Source: Journal of Mathematics Teacher Education, Volume 12, Number 6 / December, 2009, pages 391-409.
This article centers on a professional development project with a group of high school mathematics teachers in Barcelona.
The group included eight teachers who taught in low-income schools with a high percentage of immigrant students. The authors' model of professional development is based on the involvement of the teachers as co-researchers of their local contexts and practices. In this approach, the authors' concept of social justice is tied to the notion of empowerment, both for teachers and for their immigrant students.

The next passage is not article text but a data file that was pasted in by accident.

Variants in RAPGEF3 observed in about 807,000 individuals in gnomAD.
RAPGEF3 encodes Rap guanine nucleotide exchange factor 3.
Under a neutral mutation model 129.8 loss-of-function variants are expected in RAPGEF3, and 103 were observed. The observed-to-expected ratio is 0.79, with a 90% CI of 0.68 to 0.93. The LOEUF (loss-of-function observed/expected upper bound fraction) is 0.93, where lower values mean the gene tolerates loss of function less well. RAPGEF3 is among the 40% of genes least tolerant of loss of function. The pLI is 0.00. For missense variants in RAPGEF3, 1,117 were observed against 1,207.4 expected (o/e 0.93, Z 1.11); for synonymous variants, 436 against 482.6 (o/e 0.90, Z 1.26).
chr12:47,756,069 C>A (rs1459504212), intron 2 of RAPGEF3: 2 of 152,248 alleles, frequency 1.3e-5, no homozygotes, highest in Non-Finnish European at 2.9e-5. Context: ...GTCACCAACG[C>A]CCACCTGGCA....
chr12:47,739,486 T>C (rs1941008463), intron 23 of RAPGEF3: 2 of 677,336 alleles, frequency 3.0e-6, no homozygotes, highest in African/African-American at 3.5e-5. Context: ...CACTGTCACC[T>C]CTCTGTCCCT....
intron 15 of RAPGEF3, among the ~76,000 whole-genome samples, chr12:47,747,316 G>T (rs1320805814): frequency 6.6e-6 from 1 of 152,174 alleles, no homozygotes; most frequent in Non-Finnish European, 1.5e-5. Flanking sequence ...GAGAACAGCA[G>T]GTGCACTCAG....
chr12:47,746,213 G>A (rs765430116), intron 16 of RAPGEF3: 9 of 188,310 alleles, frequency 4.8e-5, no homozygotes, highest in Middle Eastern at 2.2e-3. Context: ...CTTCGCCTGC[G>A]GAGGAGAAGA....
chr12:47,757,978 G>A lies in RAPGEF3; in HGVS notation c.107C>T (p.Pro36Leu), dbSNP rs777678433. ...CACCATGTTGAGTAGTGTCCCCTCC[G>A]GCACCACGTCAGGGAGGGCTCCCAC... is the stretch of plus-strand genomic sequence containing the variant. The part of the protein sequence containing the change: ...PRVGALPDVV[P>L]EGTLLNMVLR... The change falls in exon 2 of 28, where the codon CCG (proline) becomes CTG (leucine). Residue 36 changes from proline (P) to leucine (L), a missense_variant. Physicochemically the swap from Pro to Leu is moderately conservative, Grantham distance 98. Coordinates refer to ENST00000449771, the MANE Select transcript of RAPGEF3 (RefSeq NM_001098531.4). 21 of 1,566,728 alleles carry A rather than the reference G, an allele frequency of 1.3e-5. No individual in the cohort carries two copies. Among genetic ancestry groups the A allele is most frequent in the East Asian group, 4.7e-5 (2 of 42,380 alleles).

The analysis of data from twelve sessions with the teachers shows the development of a shared awareness of their local situation that leads to their questioning of their practices followed by a reconstruction of those. Teachers worked together to move from talking to action. The analysis of data from the implementation of one lesson in a classroom shows that action, and illustrates signs of empowerment in the teacher and the students, such as students’ challenging of aspects of the task and taking on a more participatory role and the teacher’s reflection on the overall experience.